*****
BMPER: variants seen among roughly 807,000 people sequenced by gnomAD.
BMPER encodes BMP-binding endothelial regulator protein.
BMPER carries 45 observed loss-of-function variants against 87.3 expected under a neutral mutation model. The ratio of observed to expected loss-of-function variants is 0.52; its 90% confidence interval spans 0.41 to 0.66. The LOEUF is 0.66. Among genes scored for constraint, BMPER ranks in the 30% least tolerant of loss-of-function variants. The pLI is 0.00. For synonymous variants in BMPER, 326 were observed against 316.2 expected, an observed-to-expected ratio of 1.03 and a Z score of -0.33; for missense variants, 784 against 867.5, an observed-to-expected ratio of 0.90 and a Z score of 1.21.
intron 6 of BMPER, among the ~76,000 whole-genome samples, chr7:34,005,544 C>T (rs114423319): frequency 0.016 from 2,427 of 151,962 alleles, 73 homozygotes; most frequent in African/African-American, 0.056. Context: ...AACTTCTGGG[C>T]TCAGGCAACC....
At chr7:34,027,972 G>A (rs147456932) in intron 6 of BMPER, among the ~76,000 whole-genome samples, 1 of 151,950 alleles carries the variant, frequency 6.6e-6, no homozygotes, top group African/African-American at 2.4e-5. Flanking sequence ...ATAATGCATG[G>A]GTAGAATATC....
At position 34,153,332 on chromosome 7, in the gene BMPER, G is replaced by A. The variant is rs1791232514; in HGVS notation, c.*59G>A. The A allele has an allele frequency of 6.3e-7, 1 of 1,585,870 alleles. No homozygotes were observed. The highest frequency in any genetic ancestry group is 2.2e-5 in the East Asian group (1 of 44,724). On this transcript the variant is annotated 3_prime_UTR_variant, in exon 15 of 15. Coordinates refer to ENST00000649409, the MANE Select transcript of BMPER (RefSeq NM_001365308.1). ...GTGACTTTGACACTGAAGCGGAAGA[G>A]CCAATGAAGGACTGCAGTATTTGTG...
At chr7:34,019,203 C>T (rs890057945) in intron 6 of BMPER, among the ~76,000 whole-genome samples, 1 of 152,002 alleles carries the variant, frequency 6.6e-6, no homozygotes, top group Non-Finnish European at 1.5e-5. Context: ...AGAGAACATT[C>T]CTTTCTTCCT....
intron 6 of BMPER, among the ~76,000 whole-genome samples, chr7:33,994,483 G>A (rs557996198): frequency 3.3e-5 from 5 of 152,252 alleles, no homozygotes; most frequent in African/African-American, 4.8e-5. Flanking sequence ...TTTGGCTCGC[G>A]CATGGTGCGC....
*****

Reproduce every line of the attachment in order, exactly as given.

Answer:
BMPER: variants seen among roughly 807,000 people sequenced by gnomAD.
BMPER encodes BMP-binding endothelial regulator protein.
BMPER carries 45 observed loss-of-function variants against 87.3 expected under a neutral mutation model. The ratio of observed to expected loss-of-function variants is 0.52; its 90% confidence interval spans 0.41 to 0.66. The LOEUF is 0.66. Among genes scored for constraint, BMPER ranks in the 30% least tolerant of loss-of-function variants. The pLI is 0.00. For synonymous variants in BMPER, 326 were observed against 316.2 expected, an observed-to-expected ratio of 1.03 and a Z score of -0.33; for missense variants, 784 against 867.5, an observed-to-expected ratio of 0.90 and a Z score of 1.21.
intron 6 of BMPER, among the ~76,000 whole-genome samples, chr7:34,005,544 C>T (rs114423319): frequency 0.016 from 2,427 of 151,962 alleles, 73 homozygotes; most frequent in African/African-American, 0.056. Context: ...AACTTCTGGG[C>T]TCAGGCAACC....
At chr7:34,027,972 G>A (rs147456932) in intron 6 of BMPER, among the ~76,000 whole-genome samples, 1 of 151,950 alleles carries the variant, frequency 6.6e-6, no homozygotes, top group African/African-American at 2.4e-5. Flanking sequence ...ATAATGCATG[G>A]GTAGAATATC....
At position 34,153,332 on chromosome 7, in the gene BMPER, G is replaced by A. The variant is rs1791232514; in HGVS notation, c.*59G>A. The A allele has an allele frequency of 6.3e-7, 1 of 1,585,870 alleles. No homozygotes were observed. The highest frequency in any genetic ancestry group is 2.2e-5 in the East Asian group (1 of 44,724). On this transcript the variant is annotated 3_prime_UTR_variant, in exon 15 of 15. Coordinates refer to ENST00000649409, the MANE Select transcript of BMPER (RefSeq NM_001365308.1). ...GTGACTTTGACACTGAAGCGGAAGA[G>A]CCAATGAAGGACTGCAGTATTTGTG...
At chr7:34,019,203 C>T (rs890057945) in intron 6 of BMPER, among the ~76,000 whole-genome samples, 1 of 152,002 alleles carries the variant, frequency 6.6e-6, no homozygotes, top group Non-Finnish European at 1.5e-5. Context: ...AGAGAACATT[C>T]CTTTCTTCCT....
intron 6 of BMPER, among the ~76,000 whole-genome samples, chr7:33,994,483 G>A (rs557996198): frequency 3.3e-5 from 5 of 152,252 alleles, no homozygotes; most frequent in African/African-American, 4.8e-5. Flanking sequence ...TTTGGCTCGC[G>A]CATGGTGCGC....